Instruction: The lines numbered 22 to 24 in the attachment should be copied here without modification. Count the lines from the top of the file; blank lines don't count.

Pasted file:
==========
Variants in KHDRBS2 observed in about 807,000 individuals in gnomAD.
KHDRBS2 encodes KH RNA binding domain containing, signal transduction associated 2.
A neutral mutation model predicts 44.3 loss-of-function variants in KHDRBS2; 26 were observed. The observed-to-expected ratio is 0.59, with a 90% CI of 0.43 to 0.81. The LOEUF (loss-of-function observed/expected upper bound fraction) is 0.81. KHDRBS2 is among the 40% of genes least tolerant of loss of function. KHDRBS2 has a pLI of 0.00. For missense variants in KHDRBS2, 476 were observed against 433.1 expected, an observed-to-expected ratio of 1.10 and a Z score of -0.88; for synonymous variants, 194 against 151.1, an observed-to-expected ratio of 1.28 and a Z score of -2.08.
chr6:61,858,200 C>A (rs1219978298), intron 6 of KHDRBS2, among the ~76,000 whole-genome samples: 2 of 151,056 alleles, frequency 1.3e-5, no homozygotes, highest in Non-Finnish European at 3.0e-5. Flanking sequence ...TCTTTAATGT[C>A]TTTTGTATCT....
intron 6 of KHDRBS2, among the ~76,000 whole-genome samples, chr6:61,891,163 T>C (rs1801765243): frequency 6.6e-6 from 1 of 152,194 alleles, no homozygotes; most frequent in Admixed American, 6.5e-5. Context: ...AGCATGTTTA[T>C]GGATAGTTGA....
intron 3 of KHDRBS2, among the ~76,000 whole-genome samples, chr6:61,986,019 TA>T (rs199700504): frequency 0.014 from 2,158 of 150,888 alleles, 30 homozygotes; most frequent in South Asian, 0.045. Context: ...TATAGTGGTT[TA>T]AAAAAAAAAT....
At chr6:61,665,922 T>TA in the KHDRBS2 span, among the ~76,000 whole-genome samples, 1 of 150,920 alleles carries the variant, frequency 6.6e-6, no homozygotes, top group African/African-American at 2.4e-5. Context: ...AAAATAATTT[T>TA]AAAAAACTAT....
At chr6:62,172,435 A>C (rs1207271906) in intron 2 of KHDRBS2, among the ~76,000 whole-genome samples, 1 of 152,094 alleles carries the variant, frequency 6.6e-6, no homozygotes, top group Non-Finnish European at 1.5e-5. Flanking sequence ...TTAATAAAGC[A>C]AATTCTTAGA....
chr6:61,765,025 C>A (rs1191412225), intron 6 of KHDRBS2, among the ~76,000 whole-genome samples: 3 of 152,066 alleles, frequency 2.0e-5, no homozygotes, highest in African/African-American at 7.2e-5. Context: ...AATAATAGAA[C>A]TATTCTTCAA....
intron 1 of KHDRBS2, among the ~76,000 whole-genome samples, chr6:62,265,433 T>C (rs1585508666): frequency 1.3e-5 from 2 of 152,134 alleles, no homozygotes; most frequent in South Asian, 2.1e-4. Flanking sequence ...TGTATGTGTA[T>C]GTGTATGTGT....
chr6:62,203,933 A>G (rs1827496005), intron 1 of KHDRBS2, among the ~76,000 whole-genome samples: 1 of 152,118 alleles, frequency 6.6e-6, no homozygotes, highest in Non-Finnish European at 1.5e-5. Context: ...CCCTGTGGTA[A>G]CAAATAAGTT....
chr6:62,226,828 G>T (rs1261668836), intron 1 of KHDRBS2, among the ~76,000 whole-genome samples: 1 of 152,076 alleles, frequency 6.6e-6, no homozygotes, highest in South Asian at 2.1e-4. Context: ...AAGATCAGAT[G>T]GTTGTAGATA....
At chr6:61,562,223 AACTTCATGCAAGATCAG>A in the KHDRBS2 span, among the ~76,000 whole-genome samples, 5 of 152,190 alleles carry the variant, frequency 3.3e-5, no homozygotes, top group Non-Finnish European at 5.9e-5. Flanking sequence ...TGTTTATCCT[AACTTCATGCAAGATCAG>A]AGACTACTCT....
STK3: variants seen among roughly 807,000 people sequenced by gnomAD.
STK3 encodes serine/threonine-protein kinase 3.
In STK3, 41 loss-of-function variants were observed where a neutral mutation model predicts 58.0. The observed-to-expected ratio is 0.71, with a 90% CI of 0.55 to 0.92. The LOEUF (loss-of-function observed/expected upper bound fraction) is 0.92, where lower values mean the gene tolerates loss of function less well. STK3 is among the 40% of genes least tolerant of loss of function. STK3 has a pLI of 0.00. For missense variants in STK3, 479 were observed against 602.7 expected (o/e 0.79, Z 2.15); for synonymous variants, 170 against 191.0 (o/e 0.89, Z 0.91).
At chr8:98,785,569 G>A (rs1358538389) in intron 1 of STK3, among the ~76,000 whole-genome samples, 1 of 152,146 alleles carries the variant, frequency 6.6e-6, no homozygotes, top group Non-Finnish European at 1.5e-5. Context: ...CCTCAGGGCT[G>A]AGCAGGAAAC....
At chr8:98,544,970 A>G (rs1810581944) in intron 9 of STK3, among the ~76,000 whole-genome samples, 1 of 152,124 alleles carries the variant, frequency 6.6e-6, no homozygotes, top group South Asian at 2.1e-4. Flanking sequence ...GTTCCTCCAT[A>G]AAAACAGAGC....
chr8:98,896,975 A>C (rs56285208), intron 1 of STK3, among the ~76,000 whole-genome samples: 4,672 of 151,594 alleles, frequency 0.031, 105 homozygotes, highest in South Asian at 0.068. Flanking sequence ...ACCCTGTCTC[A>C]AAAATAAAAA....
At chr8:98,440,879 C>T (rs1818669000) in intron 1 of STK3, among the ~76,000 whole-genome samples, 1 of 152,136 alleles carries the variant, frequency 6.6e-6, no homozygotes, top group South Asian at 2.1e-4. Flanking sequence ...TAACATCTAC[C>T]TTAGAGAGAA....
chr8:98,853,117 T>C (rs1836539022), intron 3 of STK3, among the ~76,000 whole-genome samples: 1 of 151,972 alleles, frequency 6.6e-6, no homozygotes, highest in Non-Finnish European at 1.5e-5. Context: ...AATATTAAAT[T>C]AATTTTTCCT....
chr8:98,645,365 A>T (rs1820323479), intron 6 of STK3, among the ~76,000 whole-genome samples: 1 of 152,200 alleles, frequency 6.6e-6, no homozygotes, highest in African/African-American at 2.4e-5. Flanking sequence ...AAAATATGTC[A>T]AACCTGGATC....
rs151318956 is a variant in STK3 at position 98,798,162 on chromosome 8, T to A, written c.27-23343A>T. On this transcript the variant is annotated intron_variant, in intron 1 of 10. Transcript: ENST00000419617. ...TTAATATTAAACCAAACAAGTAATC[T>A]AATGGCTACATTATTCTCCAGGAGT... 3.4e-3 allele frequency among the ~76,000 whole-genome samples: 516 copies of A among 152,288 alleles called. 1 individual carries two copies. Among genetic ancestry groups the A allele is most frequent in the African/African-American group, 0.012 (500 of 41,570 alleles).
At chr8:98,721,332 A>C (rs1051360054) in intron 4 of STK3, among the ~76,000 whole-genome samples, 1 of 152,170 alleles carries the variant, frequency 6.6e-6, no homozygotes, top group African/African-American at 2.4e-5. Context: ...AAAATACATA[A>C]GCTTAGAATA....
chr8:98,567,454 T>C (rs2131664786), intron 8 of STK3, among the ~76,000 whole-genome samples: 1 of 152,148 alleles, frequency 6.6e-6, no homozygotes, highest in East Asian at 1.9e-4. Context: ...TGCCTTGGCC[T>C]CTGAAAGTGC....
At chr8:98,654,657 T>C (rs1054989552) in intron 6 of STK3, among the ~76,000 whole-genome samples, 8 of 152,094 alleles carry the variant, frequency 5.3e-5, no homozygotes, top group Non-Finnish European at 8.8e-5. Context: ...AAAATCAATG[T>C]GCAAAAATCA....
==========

chr8:98,645,365 A>T (rs1820323479), intron 6 of STK3, among the ~76,000 whole-genome samples: 1 of 152,200 alleles, frequency 6.6e-6, no homozygotes, highest in African/African-American at 2.4e-5. Flanking sequence ...AAAATATGTC[A>T]AACCTGGATC....
rs151318956 is a variant in STK3 at position 98,798,162 on chromosome 8, T to A, written c.27-23343A>T. On this transcript the variant is annotated intron_variant, in intron 1 of 10. Transcript: ENST00000419617. ...TTAATATTAAACCAAACAAGTAATC[T>A]AATGGCTACATTATTCTCCAGGAGT... 3.4e-3 allele frequency among the ~76,000 whole-genome samples: 516 copies of A among 152,288 alleles called. 1 individual carries two copies. Among genetic ancestry groups the A allele is most frequent in the African/African-American group, 0.012 (500 of 41,570 alleles).
At chr8:98,721,332 A>C (rs1051360054) in intron 4 of STK3, among the ~76,000 whole-genome samples, 1 of 152,170 alleles carries the variant, frequency 6.6e-6, no homozygotes, top group African/African-American at 2.4e-5. Context: ...AAAATACATA[A>C]GCTTAGAATA....